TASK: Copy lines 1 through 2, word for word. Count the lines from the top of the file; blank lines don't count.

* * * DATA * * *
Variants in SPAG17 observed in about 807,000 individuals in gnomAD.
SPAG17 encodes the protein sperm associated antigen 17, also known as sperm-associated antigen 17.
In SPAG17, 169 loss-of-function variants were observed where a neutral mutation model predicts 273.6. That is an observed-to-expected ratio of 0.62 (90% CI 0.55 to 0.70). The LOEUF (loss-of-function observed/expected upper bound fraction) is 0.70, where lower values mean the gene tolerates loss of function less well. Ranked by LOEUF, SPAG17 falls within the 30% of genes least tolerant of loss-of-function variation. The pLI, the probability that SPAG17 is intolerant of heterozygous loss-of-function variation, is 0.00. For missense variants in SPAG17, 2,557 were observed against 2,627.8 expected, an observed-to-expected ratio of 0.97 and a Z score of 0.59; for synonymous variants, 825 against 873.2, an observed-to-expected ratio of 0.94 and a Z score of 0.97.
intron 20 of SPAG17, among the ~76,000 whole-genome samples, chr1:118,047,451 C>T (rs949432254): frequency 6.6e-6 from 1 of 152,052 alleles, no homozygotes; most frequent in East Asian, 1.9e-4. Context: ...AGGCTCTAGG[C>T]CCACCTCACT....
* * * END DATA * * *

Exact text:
Variants in SPAG17 observed in about 807,000 individuals in gnomAD.
SPAG17 encodes the protein sperm associated antigen 17, also known as sperm-associated antigen 17.